Moreover, it is important to take into account the explicit aim of knowing whether the practice of peer review led to an improved performance in activities under feedforward and in the subject. On the one hand, one progressive improvement (but not sustained as it decreases in the last issue) would be in carrying out the activity that students attribute to receiving feedback from their peers, indicating in which specific aspects they have improved their future Twitter tasks. But on the other hand, the mark obtained in this activity has a low correlation with the final score and performance in the whole subject has improved just slightly compared to previous years.
There is a need for a better understanding of how to finally use Twitter in education. The experience presented in this article is similar to what happened in the experience of Lee, Tsai, Chait, and Koht (2014). While students were very productive in the use of computers as productivity tools (Internet search, creating PowerPoints slides for a presentation, use of the Word editor, etc.), the technological competency and the widespread provision of ICT access at the school and at home did not lead to a responsible use of technology for learning in general. In our experience, despite the positive valuation of the use of the tool, this use has not resulted in noticeable improvements in the learning process.
Regarding the extent to which students are involved in the experience, the assessment is positive in that, on average, 84.65 % of those students assigned to continuous assessment participated in it. It is important to take into account that this number is due to the decline in the participation of students during the last weeks of the subject, when this participation usually exceeded 90 %. That is certainly a positive aspect. Not so with the commitment of students to assess their peers within the stipulated period that even suffers a worsening in answering the peer review form by Google Drive, which does not show an improvement in the responsibility within this practice.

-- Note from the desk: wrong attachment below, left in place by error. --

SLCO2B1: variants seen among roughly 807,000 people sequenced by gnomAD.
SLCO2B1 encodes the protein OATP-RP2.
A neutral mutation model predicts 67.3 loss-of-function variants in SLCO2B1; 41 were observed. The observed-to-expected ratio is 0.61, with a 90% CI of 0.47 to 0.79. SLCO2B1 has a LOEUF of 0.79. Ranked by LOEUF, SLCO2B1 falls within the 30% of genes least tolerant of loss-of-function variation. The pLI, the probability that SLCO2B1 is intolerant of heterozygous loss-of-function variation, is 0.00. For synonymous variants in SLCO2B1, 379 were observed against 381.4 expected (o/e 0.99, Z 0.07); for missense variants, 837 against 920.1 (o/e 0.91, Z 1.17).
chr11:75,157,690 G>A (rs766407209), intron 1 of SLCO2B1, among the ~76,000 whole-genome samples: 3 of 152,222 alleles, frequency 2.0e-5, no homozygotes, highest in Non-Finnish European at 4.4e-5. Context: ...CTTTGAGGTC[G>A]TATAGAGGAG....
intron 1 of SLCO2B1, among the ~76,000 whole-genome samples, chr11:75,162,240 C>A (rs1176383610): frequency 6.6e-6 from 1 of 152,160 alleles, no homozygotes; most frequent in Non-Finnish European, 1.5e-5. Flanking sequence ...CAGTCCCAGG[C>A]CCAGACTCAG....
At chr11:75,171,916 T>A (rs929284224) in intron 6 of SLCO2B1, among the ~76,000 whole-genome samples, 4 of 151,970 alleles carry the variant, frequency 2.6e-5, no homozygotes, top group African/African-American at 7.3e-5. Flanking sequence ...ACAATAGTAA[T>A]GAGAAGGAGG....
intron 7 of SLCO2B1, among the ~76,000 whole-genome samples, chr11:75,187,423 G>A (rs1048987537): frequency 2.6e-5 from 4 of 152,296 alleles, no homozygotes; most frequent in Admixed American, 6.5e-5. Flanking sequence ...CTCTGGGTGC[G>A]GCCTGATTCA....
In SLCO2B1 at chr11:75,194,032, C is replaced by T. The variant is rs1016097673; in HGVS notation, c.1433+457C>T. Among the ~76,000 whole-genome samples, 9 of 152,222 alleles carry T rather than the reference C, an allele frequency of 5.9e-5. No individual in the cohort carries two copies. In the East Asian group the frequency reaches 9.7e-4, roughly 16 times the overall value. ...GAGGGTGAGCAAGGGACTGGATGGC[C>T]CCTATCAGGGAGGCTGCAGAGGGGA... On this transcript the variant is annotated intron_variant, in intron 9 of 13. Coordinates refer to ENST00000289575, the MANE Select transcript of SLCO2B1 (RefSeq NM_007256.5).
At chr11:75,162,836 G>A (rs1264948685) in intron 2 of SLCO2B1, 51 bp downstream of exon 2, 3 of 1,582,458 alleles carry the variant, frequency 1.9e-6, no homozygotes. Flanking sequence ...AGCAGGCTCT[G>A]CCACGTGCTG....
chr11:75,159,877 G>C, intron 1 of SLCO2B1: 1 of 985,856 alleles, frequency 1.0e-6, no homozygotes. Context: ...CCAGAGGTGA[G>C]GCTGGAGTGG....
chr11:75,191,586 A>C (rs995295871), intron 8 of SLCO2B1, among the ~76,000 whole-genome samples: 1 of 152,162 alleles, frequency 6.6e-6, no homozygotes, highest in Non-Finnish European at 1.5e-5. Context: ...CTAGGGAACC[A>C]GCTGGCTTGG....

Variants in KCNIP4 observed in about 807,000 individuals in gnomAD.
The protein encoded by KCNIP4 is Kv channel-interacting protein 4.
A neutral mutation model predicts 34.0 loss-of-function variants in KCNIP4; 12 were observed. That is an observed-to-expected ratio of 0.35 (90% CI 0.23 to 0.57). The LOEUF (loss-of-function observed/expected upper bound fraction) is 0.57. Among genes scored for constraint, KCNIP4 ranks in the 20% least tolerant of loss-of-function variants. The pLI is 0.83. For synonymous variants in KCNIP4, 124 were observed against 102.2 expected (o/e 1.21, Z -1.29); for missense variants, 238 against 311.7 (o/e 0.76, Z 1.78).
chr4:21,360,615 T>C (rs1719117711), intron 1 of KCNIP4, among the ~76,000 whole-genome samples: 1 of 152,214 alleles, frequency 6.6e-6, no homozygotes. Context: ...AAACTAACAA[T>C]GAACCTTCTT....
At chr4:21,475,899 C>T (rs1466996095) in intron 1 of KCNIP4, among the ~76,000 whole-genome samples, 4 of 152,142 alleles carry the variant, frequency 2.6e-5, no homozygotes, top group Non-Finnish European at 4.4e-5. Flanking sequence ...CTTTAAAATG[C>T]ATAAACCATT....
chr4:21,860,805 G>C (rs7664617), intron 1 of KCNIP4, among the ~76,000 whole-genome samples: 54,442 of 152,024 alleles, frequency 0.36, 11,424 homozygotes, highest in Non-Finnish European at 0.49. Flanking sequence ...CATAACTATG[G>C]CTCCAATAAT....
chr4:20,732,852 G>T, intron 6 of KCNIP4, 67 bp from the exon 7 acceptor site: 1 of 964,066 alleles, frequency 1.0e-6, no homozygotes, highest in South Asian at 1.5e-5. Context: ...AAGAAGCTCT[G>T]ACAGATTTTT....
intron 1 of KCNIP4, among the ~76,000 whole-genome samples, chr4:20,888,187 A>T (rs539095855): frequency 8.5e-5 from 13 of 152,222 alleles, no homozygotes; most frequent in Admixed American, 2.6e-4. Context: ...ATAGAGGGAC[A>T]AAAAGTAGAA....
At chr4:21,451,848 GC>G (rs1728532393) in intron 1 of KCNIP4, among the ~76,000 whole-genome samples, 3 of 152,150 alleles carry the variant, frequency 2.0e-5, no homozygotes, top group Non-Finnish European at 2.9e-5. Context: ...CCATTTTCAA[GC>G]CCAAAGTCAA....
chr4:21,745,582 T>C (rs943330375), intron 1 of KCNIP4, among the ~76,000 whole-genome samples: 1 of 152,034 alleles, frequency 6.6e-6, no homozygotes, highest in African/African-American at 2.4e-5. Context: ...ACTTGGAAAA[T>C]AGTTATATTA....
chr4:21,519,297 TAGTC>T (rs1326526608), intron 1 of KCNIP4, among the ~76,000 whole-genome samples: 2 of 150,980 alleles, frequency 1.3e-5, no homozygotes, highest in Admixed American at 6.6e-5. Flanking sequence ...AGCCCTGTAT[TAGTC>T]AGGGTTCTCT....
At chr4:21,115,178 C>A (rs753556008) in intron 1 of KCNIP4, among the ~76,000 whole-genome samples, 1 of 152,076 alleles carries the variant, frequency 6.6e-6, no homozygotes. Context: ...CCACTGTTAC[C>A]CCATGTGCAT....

If it is analysed how students use Twitter, an increasingly complex use is perceived as a single tweet incorporates several elements (opinions, resources, links…), as is apparent from the assessment of the type of content that students have made of the tweets to their peers. This is corroborated by the students’ own perception that report having increasingly progressed in the expression of their personal opinions and in providing resources that accompany their tweets. This result suggests that the quality of tweets has improved and it has adjusted more to the key academic requirements of this kind of experience in the context of Higher Education.
Finally, in assessing the role played by feedback in improving academic performance, which was the main objective of the research, the results vary considerably. On the one hand, the valuation is relatively high and a substantial improvement in the tweets can be seen. It is found that the role of feedback is essential to improve student learning, for the self-regulation of their knowledge and for an increase in the acquisition and development of competencies. It is for these reasons that the positive valuation is to be welcomed by the fact that while students have been receiving the assessment from their peers, they have been able to modify and improve their future tasks. Therefore feedback seems to have had a role in improving the activity. However, this feedback has not appeared to contribute to improve students’ achievement. The perception of the degree in which the entire experience helps to improve competencies is not high (3.5 to 6) and the final grades, as outlined, have not either. This calls into question the relevance of this innovation that was made relating to the ultimate objective of every teaching and learning process, which is the development of competencies.
This paper has had a supplementary support from the Department of Teaching and Educational Organisation at the University of Barcelona who provided help on the writing assistance and proof reading the article.
Open AccessThis article is distributed under the terms of the Creative Commons Attribution 4.0 International License (http://creativecommons.org/licenses/by/4.0/), which permits unrestricted use, distribution, and reproduction in any medium, provided you give appropriate credit to the original author(s) and the source, provide a link to the Creative Commons license, and indicate if changes were made.